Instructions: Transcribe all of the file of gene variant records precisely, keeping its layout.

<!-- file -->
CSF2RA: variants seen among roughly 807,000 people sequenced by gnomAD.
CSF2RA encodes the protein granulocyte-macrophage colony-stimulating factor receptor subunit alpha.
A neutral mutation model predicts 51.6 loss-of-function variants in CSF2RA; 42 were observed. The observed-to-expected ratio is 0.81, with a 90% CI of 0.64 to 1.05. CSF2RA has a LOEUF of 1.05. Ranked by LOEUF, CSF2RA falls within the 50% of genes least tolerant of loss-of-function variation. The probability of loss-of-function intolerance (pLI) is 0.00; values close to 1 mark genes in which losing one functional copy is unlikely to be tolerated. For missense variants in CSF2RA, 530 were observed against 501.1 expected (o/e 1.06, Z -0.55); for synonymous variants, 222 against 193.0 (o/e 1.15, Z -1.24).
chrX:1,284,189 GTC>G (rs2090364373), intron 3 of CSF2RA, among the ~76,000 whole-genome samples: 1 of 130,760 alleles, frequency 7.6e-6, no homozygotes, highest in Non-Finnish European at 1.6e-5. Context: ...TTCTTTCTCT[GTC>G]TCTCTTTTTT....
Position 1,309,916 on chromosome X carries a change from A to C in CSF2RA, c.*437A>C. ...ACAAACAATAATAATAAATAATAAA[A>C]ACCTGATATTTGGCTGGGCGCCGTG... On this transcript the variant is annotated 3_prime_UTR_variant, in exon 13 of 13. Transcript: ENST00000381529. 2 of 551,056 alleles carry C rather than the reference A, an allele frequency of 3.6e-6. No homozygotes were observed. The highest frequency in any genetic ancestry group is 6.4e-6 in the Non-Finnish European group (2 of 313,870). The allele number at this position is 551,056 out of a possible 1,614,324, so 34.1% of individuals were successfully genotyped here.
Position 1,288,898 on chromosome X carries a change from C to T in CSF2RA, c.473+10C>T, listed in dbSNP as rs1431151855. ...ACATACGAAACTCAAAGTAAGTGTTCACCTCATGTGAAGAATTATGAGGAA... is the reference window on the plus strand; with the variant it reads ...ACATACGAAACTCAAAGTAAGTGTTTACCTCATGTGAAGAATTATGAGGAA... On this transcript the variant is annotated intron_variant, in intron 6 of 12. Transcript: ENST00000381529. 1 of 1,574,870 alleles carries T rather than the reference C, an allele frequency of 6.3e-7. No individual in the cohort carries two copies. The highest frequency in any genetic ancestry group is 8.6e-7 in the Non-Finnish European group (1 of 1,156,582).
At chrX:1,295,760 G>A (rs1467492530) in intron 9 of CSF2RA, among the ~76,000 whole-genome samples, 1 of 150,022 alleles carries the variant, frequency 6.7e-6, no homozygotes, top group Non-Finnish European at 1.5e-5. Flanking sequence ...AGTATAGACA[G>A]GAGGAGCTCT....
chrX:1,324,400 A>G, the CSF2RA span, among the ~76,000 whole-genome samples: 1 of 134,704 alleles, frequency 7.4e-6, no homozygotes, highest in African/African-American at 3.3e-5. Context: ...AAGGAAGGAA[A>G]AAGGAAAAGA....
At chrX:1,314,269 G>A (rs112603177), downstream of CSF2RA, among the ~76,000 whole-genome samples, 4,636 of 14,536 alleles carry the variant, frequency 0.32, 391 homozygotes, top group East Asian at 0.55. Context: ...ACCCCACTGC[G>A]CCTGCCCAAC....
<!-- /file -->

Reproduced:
CSF2RA: variants seen among roughly 807,000 people sequenced by gnomAD.
CSF2RA encodes the protein granulocyte-macrophage colony-stimulating factor receptor subunit alpha.
A neutral mutation model predicts 51.6 loss-of-function variants in CSF2RA; 42 were observed. The observed-to-expected ratio is 0.81, with a 90% CI of 0.64 to 1.05. CSF2RA has a LOEUF of 1.05. Ranked by LOEUF, CSF2RA falls within the 50% of genes least tolerant of loss-of-function variation. The probability of loss-of-function intolerance (pLI) is 0.00; values close to 1 mark genes in which losing one functional copy is unlikely to be tolerated. For missense variants in CSF2RA, 530 were observed against 501.1 expected (o/e 1.06, Z -0.55); for synonymous variants, 222 against 193.0 (o/e 1.15, Z -1.24).
chrX:1,284,189 GTC>G (rs2090364373), intron 3 of CSF2RA, among the ~76,000 whole-genome samples: 1 of 130,760 alleles, frequency 7.6e-6, no homozygotes, highest in Non-Finnish European at 1.6e-5. Context: ...TTCTTTCTCT[GTC>G]TCTCTTTTTT....
Position 1,309,916 on chromosome X carries a change from A to C in CSF2RA, c.*437A>C. ...ACAAACAATAATAATAAATAATAAA[A>C]ACCTGATATTTGGCTGGGCGCCGTG... On this transcript the variant is annotated 3_prime_UTR_variant, in exon 13 of 13. Transcript: ENST00000381529. 2 of 551,056 alleles carry C rather than the reference A, an allele frequency of 3.6e-6. No homozygotes were observed. The highest frequency in any genetic ancestry group is 6.4e-6 in the Non-Finnish European group (2 of 313,870). The allele number at this position is 551,056 out of a possible 1,614,324, so 34.1% of individuals were successfully genotyped here.
Position 1,288,898 on chromosome X carries a change from C to T in CSF2RA, c.473+10C>T, listed in dbSNP as rs1431151855. ...ACATACGAAACTCAAAGTAAGTGTTCACCTCATGTGAAGAATTATGAGGAA... is the reference window on the plus strand; with the variant it reads ...ACATACGAAACTCAAAGTAAGTGTTTACCTCATGTGAAGAATTATGAGGAA... On this transcript the variant is annotated intron_variant, in intron 6 of 12. Transcript: ENST00000381529. 1 of 1,574,870 alleles carries T rather than the reference C, an allele frequency of 6.3e-7. No individual in the cohort carries two copies. The highest frequency in any genetic ancestry group is 8.6e-7 in the Non-Finnish European group (1 of 1,156,582).
At chrX:1,295,760 G>A (rs1467492530) in intron 9 of CSF2RA, among the ~76,000 whole-genome samples, 1 of 150,022 alleles carries the variant, frequency 6.7e-6, no homozygotes, top group Non-Finnish European at 1.5e-5. Flanking sequence ...AGTATAGACA[G>A]GAGGAGCTCT....
chrX:1,324,400 A>G, the CSF2RA span, among the ~76,000 whole-genome samples: 1 of 134,704 alleles, frequency 7.4e-6, no homozygotes, highest in African/African-American at 3.3e-5. Context: ...AAGGAAGGAA[A>G]AAGGAAAAGA....
At chrX:1,314,269 G>A (rs112603177), downstream of CSF2RA, among the ~76,000 whole-genome samples, 4,636 of 14,536 alleles carry the variant, frequency 0.32, 391 homozygotes, top group East Asian at 0.55. Context: ...ACCCCACTGC[G>A]CCTGCCCAAC....